GeneAllele designationAllele activity scorersID
    CYP1A2      *1F    1.5rs762551
    CYP2C19      *2    0rs12769205
          *17    1.5rs12248560
    CYP2D6      *3    0rs35742686
          *4    0rs3892097
          *5    0gene deletion
          *6    0rs5030655
          *7    0rs5030867
          *8    0rs5030865
          *9    0.5rs5030656
          *10    0.25rs1065852
          *11    0rs201377835
          *17    0.5rs28371706
          *19    0rs72549353
          *20    0rs72549354
          *29    0.5rs61736512
          *31    0rs267608319
          *41    0.5rs28371725
          xN    2gene duplication
    ABCB1      3435C>T    Reduced expressionrs1045642

    After obtaining their genetic profile, 73 of the subjects were found to be carriers of genetic combinations that would modify their ability to metabolize the drug they were prescribed. This is represented by ultrarapid (UM) for CYP1A2 in patients on clozapine or olanzapine, UM or poor metabolizer (PM) for CYP2C19 in clozapine users, and PMs, intermediate metabolizer (IMs) or UMs for CYP2D6 in patients on risperidone, aripiprazole, haloperidol, pimozide or trifluoperazine.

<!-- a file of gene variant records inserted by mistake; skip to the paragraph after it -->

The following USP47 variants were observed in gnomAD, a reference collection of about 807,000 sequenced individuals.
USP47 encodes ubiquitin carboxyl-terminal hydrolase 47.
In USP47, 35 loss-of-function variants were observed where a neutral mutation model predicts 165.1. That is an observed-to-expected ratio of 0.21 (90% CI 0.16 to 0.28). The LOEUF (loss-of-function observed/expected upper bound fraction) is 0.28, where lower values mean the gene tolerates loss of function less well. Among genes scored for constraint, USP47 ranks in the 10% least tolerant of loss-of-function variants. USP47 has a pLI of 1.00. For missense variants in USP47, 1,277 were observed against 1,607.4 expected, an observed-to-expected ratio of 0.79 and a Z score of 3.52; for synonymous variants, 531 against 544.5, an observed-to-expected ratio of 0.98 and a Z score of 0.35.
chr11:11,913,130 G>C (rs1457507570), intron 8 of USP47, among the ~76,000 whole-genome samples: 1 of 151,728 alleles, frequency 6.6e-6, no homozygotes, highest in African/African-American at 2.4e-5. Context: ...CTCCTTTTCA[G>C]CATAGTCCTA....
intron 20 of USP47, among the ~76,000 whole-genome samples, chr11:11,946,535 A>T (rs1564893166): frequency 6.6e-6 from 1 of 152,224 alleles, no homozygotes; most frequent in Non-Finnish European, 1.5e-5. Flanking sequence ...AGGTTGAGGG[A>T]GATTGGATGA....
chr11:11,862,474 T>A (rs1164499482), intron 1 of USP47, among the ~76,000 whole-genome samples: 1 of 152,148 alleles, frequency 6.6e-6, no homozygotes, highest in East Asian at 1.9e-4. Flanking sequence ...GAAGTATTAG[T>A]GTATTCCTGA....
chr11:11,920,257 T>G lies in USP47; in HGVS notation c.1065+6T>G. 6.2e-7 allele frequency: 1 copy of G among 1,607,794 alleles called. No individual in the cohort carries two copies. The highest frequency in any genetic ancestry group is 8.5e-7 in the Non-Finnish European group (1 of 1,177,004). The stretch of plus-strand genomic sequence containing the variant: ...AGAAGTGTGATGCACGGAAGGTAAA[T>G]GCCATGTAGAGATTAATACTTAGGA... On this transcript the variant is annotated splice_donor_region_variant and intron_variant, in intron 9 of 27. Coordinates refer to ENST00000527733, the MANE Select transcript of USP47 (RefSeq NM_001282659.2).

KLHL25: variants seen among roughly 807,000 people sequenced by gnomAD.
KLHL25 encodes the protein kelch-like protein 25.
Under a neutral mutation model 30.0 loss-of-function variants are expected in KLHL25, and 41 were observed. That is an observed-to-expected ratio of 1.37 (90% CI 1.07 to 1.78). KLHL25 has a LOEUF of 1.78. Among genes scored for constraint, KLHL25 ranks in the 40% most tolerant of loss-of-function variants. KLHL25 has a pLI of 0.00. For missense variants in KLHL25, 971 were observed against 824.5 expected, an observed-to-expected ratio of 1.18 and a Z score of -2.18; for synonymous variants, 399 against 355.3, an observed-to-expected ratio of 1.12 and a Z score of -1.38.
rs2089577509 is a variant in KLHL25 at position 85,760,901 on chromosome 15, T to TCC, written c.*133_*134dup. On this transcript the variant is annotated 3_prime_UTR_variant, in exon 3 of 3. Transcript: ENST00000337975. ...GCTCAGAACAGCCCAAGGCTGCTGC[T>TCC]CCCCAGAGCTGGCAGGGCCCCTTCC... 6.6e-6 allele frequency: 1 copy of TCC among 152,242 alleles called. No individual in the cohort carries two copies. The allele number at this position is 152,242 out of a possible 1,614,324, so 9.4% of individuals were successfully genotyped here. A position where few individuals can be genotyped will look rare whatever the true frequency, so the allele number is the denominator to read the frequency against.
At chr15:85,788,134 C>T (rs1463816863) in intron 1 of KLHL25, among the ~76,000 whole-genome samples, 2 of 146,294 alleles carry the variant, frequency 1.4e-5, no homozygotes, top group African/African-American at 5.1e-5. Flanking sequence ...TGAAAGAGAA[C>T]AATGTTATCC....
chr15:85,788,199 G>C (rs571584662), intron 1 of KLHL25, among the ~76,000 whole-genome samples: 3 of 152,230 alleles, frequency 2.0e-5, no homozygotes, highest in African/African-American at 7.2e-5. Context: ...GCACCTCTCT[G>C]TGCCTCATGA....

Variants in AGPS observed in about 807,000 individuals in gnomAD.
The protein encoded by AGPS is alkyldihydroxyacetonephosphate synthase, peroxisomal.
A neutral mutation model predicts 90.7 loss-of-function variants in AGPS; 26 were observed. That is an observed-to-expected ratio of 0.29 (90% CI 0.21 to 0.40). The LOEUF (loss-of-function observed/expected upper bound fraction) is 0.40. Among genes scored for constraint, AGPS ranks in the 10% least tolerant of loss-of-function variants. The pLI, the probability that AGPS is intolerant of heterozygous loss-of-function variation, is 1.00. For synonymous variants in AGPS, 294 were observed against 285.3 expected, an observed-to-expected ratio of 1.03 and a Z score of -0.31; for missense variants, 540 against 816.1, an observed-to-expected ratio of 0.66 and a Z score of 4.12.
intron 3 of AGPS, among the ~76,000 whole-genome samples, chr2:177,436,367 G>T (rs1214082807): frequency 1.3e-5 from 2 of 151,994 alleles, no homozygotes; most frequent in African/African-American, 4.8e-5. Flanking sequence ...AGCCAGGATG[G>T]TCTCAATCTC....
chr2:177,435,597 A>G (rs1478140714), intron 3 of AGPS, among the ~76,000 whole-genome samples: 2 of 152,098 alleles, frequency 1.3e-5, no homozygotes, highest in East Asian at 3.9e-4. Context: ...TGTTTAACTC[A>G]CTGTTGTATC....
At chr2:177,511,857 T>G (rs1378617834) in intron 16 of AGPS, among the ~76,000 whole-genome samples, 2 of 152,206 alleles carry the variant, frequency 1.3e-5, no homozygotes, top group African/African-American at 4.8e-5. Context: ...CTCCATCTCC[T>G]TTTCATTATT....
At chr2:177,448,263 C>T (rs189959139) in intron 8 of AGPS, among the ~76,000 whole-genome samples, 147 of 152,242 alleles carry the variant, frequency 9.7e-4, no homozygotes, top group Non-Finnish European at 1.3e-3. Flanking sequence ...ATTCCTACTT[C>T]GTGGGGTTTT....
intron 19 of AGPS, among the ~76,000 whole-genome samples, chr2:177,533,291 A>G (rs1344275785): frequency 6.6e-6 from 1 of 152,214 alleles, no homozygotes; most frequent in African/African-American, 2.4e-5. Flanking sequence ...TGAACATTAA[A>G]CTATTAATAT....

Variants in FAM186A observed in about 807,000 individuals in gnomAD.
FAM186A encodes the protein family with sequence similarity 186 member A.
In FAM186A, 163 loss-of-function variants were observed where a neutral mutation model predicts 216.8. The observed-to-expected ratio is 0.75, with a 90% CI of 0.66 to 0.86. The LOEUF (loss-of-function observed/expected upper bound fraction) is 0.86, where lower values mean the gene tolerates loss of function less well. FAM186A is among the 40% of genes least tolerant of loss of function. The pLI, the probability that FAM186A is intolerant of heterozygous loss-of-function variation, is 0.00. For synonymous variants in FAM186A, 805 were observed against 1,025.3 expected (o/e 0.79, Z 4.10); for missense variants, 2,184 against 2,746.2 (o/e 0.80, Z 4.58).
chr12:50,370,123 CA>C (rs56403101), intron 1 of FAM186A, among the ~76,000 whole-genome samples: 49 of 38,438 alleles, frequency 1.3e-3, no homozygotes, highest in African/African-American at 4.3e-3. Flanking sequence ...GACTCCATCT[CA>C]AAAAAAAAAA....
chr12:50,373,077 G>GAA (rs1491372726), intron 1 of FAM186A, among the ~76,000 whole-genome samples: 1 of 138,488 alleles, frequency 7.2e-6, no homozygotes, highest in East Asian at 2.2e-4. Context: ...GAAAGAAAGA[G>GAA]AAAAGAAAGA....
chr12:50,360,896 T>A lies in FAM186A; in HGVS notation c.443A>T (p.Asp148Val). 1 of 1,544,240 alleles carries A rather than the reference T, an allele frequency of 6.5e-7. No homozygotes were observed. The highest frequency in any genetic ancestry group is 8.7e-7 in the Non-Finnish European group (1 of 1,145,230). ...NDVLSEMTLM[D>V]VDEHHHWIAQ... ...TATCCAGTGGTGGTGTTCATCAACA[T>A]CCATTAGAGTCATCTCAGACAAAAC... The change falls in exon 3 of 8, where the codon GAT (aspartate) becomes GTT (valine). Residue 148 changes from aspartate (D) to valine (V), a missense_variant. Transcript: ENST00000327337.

Statistical analysis

    Multivariate regression analyses of the results were performed using SPSS Statistics v23.0.0.0 (IBM). Plasma levels, change in PANSS and in UKU scores were used as dependent variables, with genetic information on the different CYPs (CYP1A2, CYP2C19 and CYP2D6) and ABCB1 being the explanatory variables. Gender, age, dose, type of antipsychotic and pharmacogenetic intervention were also included as covariates.

    Results

    The influence of genetic factors on plasma levels was investigated using the different CYPs and ABCB1 as predictors, and age, gender, dose, and the intervention arm as covariables. The full sample of 318 patients was used in all cases, but to account for the different affinities of the antipsychotics for each protein, the interaction between the antipsychotic and CYP1A2, CYP2C19, CYP2D6 and ABCB1 genes was used as a predictor. These interactions showed significant association with plasma levels with P-values < 0.001 in all cases [Table 3]. The interaction with ABCB1 had roughly the same P-value as CYP1A2 and CYP2C19, while being one order of magnitude higher than CYP2D6 (P-values of 1.26 × 10-9, 1.26 × 10-9, 1 × 10-9 and 5.97 × 10-10 for ABCB1, CYP1A2, CYP2C19 and CYP2D6, respectively).